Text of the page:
Despite the fact that German tap water goes through more rigorous checks and testing for quality than bottled water, Germans seem to be obsessed with buying their water.
If you are someone who has spent your life grabbing a glass and filling it to the brim with cold water from the tap and taking a big gulp, then in Germany you could land yourself in hot water, because nearly everyone here drinks bottled water.
If you are a guest at a restaurant, asking for a glass of tap water with your meal is pretty outrageous, as in DON’T EVER DO THIS. However you will find that this is not limited to dining, it also extends to being a guest at someone’s home. Nearly every household will be able to offer you chilled bottled water, both still and fizzy, to not have these on hand would be similar to going to a house in the UK and them having no tea!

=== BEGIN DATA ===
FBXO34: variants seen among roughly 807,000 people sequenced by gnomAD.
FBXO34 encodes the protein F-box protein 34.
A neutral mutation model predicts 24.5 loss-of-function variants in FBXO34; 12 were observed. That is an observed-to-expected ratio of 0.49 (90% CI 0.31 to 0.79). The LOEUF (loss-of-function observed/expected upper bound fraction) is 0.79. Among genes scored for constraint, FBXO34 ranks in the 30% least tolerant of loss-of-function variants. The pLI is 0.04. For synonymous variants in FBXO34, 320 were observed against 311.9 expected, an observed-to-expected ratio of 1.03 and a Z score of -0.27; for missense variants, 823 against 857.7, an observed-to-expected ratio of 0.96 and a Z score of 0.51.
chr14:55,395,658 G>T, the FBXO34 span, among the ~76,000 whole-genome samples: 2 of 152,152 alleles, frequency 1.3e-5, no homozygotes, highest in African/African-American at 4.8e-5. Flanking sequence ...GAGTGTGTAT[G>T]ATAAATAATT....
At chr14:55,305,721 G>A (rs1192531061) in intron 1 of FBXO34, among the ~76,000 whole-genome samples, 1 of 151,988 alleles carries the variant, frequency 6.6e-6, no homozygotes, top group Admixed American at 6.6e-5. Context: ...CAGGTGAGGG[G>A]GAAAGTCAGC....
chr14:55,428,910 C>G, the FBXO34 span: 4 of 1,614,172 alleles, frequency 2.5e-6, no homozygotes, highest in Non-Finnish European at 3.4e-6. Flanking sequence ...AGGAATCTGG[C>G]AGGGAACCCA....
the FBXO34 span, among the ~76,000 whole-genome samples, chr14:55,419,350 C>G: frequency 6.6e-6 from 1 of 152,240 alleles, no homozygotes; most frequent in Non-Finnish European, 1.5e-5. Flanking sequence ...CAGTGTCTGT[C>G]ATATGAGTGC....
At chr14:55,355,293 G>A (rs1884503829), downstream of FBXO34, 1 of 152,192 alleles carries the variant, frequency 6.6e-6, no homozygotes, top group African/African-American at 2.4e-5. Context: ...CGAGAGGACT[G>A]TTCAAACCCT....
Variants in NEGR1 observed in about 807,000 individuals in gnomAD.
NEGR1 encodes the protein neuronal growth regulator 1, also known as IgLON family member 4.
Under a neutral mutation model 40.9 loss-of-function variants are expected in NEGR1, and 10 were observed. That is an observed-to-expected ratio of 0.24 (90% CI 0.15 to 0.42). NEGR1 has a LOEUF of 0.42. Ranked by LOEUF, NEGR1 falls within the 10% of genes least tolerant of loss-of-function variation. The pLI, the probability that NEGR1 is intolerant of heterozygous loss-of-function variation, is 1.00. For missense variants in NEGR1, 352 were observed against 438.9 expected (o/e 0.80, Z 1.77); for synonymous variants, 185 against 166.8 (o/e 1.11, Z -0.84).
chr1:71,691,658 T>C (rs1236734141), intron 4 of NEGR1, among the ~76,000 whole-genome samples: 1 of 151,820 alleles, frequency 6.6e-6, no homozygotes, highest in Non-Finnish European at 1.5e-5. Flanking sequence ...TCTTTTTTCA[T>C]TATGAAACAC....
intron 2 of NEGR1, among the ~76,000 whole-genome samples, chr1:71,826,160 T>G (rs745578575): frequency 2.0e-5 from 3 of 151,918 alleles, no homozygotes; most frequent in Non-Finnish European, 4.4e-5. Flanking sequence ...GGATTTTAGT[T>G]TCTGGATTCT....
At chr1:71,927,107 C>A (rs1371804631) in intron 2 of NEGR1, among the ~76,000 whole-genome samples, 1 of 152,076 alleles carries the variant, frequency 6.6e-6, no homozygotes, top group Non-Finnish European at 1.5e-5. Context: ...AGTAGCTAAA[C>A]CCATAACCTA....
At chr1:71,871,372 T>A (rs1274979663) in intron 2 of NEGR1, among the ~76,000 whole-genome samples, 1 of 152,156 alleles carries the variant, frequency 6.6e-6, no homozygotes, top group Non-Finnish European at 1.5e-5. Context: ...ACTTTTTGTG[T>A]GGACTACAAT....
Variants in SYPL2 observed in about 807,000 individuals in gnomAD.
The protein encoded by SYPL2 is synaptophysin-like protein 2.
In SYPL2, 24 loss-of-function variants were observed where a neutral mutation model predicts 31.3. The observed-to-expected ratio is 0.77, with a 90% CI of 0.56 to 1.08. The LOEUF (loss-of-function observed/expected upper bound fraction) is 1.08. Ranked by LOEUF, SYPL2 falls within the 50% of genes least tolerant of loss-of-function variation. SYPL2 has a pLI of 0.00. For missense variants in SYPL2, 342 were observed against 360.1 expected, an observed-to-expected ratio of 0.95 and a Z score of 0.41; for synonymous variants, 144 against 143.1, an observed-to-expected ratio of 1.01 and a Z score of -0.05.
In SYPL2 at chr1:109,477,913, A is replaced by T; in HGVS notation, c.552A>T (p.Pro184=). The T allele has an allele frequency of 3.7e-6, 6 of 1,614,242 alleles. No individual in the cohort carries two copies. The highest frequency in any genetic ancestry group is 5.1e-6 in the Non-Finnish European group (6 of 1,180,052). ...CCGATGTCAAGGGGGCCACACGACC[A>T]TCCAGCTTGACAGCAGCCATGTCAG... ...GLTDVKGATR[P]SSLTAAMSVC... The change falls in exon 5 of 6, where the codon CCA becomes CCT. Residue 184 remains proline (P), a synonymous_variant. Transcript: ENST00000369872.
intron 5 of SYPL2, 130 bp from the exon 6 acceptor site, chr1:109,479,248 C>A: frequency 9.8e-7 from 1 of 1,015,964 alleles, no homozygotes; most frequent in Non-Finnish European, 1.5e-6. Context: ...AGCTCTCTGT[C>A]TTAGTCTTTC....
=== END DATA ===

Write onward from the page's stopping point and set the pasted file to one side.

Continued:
Culturally in Germany, bottled water used to be a way of displaying wealth and over the years has simply become culturally ingrained, so what this means as a citizen of Germany is that every week, I have to schlep 12x 1.5-litre bottles (18kg) of water through a supermarket, out to the car, then from the car up to my 5th-floor apartment, despite having a ready supply of perfectly healthy, fresh drinking water in my kitchen.
I have to admit though, I am now on board with the whole drinking bottled water thing – not still water, that will always be odd for me, but I have become addicted to fizzy water (Wasser mit Sprudel) . Flat water doesn’t do it for me anymore and I blame Germany.
Fizzy water used to taste gross, probably because you are waiting for that hit of sugar that you associate with a fizzy drink, but don’t get, it was bottled disappointment. Now though, it is my nectar, on a hot summers day an ice cold fizzy water is like heaven on your palate… All that plastic though, is not heaven for the environment, hence the German Pfand system – read more about that in my Pfand blog.